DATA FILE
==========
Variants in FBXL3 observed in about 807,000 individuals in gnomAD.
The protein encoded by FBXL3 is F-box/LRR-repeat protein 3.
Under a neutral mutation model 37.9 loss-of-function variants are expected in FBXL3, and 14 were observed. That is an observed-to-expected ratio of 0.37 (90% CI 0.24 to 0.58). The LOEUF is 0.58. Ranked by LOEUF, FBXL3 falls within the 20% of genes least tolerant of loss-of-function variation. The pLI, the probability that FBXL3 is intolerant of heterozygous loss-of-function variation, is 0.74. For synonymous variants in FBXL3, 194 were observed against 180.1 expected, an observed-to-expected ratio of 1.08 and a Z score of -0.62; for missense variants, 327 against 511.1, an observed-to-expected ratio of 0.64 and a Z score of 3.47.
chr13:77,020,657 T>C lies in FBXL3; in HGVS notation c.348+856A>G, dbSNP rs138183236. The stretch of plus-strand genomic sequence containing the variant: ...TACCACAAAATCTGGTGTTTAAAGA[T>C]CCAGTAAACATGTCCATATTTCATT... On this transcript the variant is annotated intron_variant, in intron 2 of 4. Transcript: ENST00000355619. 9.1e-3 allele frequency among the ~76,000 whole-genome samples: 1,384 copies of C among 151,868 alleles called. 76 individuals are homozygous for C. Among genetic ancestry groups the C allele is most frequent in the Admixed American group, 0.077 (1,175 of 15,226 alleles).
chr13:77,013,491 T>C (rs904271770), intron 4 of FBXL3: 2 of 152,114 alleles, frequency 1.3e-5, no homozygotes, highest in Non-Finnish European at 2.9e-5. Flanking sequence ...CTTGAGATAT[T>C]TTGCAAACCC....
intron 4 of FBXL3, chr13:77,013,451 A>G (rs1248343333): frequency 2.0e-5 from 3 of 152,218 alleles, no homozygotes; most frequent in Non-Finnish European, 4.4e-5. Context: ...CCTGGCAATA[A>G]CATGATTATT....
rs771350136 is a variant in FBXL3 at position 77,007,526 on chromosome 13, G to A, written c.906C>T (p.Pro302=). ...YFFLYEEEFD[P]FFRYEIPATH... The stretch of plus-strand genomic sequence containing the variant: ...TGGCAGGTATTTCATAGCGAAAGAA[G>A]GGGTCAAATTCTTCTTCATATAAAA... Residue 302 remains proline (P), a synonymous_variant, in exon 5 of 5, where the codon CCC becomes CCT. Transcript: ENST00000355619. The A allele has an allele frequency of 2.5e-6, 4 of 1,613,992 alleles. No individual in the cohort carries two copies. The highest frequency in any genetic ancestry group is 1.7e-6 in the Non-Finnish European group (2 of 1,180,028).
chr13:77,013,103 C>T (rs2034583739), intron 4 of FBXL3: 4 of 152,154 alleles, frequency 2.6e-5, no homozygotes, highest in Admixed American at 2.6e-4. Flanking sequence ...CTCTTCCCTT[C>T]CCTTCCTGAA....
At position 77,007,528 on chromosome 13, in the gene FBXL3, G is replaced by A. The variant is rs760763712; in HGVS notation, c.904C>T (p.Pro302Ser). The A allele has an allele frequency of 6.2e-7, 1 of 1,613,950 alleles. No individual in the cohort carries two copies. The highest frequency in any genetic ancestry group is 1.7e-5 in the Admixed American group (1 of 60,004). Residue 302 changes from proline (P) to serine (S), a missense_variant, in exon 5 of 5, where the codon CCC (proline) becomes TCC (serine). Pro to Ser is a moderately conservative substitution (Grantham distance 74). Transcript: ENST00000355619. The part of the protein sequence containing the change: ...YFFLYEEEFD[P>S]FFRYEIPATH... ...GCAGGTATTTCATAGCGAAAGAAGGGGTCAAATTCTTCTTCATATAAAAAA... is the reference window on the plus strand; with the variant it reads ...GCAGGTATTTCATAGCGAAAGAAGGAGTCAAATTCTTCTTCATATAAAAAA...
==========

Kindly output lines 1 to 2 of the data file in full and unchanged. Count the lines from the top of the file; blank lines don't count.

Variants in FBXL3 observed in about 807,000 individuals in gnomAD.
The protein encoded by FBXL3 is F-box/LRR-repeat protein 3.